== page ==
Pat and Mandy Metzlaff lost everything except what was most important: love for each other, family and their animals, especially their horses. They had worked hard to scratch a farm from the bush of Zimbabwe, formerly Rhodesia. Married in 1978, they had 3 children (Paul, Jay and Kate) who grew up on Pat’s childhood farm recently returned to (relative) peace after a bloody civil war which resulted in the country’s name change.

One Hundred and Four Horses tells a heart-wrenching story of the Metzlaff’s loss of home, every material possession, many beloved friends (human and animal), country, and much more—which I cannot go into without completely giving the book away. Suffice to say, every time another calamity occurs you think this has to be the last; finally they have hit bottom. There can’t be anything more. How much can one family endure and yet go on? Well you don’t know Pat and Mandy. This is a story of courage, love and generosity in the face of much violence, suffering, and danger. Yet they stay true to themselves, their animals and hope for the future. Truly we do not know how good we have it in our country.

I bought this for my horse-loving daughters, but SO very glad I read it first! Highly recommended; very inspirational! And I learned so much African history to boot.


Picked this up for a dollar at our library's annual Friend's of the Library Sale. Hadn't been to it in years – since our girls were little – my adult daughter wanted to go. All hardbacks were (still) $1 and paperbacks $.50. I used to walk out with a box of books. This time I only spent $5 for 5 superb books. This was one of them. Plan to share it with my girls who love horses ... but I get to read it first.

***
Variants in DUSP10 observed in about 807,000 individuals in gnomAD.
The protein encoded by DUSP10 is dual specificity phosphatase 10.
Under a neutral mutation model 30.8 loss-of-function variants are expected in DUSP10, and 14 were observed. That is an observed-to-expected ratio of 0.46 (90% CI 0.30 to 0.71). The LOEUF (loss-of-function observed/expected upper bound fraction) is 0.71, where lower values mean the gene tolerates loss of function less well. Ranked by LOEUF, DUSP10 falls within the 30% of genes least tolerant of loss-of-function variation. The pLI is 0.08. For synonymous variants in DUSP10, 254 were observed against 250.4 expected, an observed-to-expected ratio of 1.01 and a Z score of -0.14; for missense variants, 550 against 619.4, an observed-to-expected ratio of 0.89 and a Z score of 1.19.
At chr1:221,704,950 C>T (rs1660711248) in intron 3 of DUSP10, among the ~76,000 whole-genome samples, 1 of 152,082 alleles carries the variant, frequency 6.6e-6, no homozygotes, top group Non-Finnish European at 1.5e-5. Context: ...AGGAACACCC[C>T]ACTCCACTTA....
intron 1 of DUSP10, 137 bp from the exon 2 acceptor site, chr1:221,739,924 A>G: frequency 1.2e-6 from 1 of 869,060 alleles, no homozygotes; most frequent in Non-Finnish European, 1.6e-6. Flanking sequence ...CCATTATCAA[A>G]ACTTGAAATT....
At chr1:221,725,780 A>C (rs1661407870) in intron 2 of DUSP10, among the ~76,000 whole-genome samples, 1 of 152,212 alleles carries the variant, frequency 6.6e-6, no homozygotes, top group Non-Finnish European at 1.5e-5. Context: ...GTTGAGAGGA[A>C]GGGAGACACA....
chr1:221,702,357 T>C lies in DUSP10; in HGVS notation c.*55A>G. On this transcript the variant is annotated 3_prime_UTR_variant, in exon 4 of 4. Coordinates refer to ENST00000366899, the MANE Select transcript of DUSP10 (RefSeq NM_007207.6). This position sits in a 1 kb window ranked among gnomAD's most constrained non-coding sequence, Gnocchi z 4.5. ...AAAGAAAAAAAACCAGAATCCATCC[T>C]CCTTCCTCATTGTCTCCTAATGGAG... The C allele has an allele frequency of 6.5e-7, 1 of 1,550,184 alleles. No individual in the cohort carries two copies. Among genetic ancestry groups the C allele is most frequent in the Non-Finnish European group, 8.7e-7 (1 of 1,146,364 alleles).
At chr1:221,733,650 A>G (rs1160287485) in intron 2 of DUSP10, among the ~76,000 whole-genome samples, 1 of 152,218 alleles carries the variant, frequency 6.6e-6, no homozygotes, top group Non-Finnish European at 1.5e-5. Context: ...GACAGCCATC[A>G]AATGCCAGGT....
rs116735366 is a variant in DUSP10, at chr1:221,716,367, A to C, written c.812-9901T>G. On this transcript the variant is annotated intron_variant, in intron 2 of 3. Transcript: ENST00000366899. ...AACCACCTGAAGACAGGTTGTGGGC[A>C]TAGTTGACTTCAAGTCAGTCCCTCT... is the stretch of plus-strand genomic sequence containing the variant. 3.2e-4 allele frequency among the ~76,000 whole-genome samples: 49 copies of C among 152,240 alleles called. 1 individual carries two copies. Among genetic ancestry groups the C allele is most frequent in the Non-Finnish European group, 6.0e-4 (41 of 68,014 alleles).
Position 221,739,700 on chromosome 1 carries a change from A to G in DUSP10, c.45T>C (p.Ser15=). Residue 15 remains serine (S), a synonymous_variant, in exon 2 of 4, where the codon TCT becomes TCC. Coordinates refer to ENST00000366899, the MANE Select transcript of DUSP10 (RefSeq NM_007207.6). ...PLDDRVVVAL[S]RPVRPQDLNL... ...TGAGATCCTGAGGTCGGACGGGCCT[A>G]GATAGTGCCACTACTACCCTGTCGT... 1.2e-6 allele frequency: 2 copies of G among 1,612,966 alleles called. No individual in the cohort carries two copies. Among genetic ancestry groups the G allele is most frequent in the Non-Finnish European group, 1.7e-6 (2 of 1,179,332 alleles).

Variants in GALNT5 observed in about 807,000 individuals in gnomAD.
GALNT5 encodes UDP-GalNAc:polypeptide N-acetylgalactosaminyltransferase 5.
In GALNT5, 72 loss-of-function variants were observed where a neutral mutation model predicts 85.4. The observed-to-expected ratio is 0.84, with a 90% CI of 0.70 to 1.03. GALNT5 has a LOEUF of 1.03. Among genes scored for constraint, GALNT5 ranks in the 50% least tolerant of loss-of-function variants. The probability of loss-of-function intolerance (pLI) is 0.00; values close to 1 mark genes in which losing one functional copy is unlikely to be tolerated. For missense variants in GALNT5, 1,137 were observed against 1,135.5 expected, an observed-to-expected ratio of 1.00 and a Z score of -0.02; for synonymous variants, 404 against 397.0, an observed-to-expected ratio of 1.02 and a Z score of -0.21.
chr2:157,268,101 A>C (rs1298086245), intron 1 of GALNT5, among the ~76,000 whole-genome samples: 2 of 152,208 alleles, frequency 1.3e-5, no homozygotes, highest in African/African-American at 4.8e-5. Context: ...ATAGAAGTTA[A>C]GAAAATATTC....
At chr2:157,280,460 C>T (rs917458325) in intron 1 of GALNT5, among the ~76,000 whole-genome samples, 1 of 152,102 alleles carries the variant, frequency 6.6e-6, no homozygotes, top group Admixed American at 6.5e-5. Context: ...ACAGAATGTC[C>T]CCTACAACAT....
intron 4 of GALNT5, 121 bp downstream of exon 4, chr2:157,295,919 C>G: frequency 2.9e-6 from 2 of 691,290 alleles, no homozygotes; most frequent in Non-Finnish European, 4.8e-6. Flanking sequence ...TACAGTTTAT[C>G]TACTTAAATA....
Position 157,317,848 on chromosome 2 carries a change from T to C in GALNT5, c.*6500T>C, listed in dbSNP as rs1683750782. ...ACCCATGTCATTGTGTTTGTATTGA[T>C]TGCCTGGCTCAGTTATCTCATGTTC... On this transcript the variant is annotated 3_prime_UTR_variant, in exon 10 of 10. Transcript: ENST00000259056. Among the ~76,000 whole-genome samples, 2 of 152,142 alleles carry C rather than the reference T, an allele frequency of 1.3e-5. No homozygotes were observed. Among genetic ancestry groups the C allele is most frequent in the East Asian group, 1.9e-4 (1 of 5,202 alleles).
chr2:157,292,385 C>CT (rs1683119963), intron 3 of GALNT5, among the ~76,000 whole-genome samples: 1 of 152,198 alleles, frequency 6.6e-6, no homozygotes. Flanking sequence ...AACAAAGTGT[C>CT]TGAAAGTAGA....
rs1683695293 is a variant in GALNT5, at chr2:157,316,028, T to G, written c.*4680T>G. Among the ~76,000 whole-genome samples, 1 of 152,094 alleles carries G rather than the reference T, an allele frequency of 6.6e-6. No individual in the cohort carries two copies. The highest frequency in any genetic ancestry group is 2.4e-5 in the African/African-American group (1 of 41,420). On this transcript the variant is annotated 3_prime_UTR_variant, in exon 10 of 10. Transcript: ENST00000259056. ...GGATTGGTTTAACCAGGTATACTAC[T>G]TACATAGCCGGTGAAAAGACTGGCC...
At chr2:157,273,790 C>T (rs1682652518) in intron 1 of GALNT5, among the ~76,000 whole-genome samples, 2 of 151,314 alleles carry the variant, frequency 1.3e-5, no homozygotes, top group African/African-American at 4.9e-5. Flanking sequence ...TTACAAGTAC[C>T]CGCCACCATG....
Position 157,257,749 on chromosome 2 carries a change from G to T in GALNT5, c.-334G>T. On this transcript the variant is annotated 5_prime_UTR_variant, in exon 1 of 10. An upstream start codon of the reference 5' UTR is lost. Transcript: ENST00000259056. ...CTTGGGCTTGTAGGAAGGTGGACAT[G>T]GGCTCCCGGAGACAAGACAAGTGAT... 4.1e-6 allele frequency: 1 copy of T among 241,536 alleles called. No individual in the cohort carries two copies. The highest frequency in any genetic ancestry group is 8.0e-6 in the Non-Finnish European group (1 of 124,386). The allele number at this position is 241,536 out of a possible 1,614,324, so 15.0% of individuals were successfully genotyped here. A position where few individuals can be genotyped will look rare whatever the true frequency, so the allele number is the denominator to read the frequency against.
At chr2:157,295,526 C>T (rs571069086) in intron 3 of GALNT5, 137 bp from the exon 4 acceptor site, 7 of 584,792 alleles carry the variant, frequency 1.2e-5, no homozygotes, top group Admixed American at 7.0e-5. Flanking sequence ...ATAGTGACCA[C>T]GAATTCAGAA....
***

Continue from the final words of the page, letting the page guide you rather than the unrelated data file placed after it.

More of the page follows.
Profile Image for Trish Jackson.
Author 24 books124 followers
November 11, 2013
Compelling, heartbreaking and triumphant.
This book is the voice of abandoned animals all over the world.
It tells the dreadful story of the plight of the animals in Zimbabwe. While the human suffering is hard enough to digest, the fate of the horses and dogs and cats and livestock left behind when their owners were given just a few minutes—or the lucky ones a few hours—to pack up their worldly goods and leave their homes forever, was and still is a terrible tragedy.